Remember when OJ Simpson was considered a sports hero and an American success story, rather than that guy who got away with double homicide? Remember when Britney Spears was known as the hit-making Mouseketeer who spoke publicly of remaining a virgin until marriage, rather than the out-of-control boozing party girl who shaved her head, flashed photographers and had her kids taken away from her? Timing makes all the difference.
In 1991 President George Herbert Walker Bush experienced such high approval ratings as a result of the Gulf War that most of the Democrats’ heavy hitters passed on the race to challenge him. A recession brought those poll numbers down, but even though the economy rebounded throughout 1992, the news of the improved economy was not conveyed to voters in time to secure a second term for Bush 41. I remember watching a television news report on the eve of that election about Bush’s bad economy. The day after the election, after Bill Clinton had won, Jeff Greenfield appeared on ABC News and referred to the economic recovery that was underway. I wondered why that report was not the one given less than 48 hours earlier on election eve. Yes, timing makes all the difference.
Some may have forgotten, but in April of 2003, Iraqi crowds cheered when the statue of Saddam Hussein was toppled in Baghdad. In the following years, public support for the U.S. mission in Iraq eroded as casualties rose and tours were extended. The stories being told by embedded journalists of the important work U.S. soldiers were performing in Iraq became harder to find, while politicians willing to declare defeat and call for withdrawal became more prevalent. Although politicians don’t generally like to surrender when it appears we are winning, some have done exactly that.
As the value of OJ Simpson and Britney Spears endorsements swiftly plummeted from earlier highs, so has the value politicians can derive from calling for withdrawal from Iraq. At some point, they will not only hold little value, but they will result in negative effects.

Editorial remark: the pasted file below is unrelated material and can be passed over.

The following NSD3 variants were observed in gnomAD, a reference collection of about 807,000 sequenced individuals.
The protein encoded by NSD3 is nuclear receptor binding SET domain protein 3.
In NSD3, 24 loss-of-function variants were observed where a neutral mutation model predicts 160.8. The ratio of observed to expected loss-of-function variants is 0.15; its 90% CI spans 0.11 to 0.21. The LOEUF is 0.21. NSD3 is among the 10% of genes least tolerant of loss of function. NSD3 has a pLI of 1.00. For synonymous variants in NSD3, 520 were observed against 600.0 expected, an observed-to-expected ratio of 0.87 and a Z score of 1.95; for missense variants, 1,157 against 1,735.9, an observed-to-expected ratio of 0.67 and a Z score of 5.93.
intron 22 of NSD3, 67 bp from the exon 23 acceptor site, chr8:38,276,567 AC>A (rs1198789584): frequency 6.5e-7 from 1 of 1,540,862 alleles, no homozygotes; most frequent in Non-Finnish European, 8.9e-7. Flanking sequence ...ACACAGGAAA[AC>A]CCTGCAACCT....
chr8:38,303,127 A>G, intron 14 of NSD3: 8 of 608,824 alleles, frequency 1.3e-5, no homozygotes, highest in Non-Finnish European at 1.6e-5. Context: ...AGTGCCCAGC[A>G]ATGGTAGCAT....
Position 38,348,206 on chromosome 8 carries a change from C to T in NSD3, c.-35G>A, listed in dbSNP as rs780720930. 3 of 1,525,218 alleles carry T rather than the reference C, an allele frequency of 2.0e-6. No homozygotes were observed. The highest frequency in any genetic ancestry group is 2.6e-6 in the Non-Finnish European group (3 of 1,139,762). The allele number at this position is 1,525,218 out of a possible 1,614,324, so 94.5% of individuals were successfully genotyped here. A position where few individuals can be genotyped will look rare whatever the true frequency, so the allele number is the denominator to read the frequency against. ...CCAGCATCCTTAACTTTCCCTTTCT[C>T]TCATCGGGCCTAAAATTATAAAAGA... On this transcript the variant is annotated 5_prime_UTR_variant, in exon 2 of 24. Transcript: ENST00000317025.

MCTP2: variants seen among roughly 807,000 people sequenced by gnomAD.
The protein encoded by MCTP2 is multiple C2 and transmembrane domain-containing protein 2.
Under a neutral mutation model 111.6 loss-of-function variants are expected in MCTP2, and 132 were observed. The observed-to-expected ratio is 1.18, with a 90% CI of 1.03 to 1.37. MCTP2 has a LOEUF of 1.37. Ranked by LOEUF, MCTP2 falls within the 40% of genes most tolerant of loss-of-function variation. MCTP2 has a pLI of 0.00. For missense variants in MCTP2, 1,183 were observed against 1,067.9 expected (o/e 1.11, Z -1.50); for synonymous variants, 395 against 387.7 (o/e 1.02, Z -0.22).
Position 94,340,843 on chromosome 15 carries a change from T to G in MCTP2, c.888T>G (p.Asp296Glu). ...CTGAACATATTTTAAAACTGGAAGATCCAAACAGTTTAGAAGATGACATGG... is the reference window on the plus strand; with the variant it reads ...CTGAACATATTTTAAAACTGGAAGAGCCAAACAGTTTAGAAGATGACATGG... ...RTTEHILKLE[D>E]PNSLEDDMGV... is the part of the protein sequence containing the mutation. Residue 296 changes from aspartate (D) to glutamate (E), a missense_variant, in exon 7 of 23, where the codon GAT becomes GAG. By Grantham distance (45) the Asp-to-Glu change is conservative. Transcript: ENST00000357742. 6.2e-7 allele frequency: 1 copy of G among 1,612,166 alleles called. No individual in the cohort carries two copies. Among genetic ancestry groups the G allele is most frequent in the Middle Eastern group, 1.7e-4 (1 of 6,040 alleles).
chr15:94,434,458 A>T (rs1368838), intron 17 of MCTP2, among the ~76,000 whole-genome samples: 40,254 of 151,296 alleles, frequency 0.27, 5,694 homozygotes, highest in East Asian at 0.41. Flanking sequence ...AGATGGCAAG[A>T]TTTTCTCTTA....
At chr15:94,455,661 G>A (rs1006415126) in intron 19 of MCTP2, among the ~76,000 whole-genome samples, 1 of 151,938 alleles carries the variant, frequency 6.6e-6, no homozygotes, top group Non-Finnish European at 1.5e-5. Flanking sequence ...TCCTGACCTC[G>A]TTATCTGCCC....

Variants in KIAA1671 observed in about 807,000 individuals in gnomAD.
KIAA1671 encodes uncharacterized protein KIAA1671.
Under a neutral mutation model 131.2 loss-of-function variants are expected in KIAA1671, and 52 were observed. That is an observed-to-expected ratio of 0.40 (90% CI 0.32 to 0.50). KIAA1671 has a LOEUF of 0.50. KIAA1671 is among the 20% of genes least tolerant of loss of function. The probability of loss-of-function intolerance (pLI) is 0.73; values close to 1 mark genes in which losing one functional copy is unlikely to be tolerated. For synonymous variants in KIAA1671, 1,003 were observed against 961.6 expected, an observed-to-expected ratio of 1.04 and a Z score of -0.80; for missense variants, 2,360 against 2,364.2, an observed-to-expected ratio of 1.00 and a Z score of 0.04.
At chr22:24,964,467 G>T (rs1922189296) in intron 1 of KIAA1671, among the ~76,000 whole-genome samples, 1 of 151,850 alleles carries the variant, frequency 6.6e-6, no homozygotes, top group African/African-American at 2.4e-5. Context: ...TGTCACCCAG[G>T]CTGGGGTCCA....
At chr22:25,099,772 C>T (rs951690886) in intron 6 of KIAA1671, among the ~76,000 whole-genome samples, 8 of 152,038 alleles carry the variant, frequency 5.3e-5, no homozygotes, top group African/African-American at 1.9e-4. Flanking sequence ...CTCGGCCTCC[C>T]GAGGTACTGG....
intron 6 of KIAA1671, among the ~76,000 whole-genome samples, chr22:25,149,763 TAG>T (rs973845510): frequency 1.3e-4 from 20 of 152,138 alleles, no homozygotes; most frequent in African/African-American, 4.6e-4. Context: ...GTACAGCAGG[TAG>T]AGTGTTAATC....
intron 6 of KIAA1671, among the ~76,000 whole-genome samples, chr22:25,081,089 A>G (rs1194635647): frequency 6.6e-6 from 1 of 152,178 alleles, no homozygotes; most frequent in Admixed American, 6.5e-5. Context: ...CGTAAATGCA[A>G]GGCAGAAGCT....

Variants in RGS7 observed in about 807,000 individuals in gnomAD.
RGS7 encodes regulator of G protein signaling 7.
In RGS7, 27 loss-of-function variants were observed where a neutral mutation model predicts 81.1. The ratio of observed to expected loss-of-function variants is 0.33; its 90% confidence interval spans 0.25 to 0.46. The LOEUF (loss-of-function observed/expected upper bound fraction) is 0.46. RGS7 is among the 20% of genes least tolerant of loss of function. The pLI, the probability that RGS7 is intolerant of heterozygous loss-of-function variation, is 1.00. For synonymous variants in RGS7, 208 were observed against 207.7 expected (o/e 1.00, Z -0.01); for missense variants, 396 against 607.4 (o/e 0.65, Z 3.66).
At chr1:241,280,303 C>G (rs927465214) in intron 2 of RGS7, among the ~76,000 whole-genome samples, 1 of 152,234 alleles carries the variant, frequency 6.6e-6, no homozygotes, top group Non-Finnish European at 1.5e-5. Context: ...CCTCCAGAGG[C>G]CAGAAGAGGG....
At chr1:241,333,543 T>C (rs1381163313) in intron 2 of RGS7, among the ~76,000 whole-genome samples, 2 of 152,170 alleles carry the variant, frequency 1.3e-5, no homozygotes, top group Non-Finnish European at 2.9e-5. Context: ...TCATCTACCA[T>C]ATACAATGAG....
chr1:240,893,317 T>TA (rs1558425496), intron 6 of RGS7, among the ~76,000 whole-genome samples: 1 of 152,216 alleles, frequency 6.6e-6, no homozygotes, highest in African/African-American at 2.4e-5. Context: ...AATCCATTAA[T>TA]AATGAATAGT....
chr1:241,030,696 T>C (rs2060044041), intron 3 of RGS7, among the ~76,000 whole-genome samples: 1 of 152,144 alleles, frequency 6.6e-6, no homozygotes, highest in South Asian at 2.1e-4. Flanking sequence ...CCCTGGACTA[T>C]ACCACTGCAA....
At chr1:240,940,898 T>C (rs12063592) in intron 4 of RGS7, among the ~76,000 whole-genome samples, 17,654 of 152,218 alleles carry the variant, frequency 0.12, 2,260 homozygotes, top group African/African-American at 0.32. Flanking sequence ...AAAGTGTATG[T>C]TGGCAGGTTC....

This week Democrats passed an Iraq withdrawal bill attempting to tie $50 billion in war funding to a mandated timetable that President Bush start bringing troops home with a goal of ending combat by December 2008. Speaker of the House Nancy Pelosi said, “The fact is, we can no longer sustain the military deployment in Iraq…Staying there in the manner that we are there is no longer an option.”
The statement, and the vote for that matter, seems especially strange in light of recent good news out of Iraq that even the New York Times and NBC
Such statements and votes may be intended to assuage anti-war groups angry at congressional Democrats for failure to end the war, but I doubt they will even accomplish that and they risk putting Democrats in a position that Republicans will be able to exploit in 2008.
Remember, it is all about the timing. If the mission in Iraq is seen in a positive light (or as I predict is possible, even as a potential success) in 2008, Democrats who described the mission as a failure will likely be forgiven by voters who heard them make those statements when all the news they were hearing from Iraq seemed to point to such a conclusion. However, if Democrats continue to declare the mission a failure and call for withdrawal at the same time voters are hearing reports of progress and other good news from Iraq, Democrats will appear to be in denial of reality and worse will appear to be pulling for an American defeat when it appears victory is possible.
Congressional Republicans might even be able to pull a Kevin Federline-style rebound. A couple of years ago it would not have been thought possible that the wanna-be rap star Federline, who sponged off of wife Britney Spears’ money and fame, would ever be seen as the more responsible of the two, and the favored spouse in a custody battle for the couple’s two kids, but that is what happened. Timing is everything.
If Democrats continue to deny the reality on the ground in Iraq, and to pander to their anti-war base, they may be setting up an opportunity for political advantage that not even congressional Republicans can find a way to botch.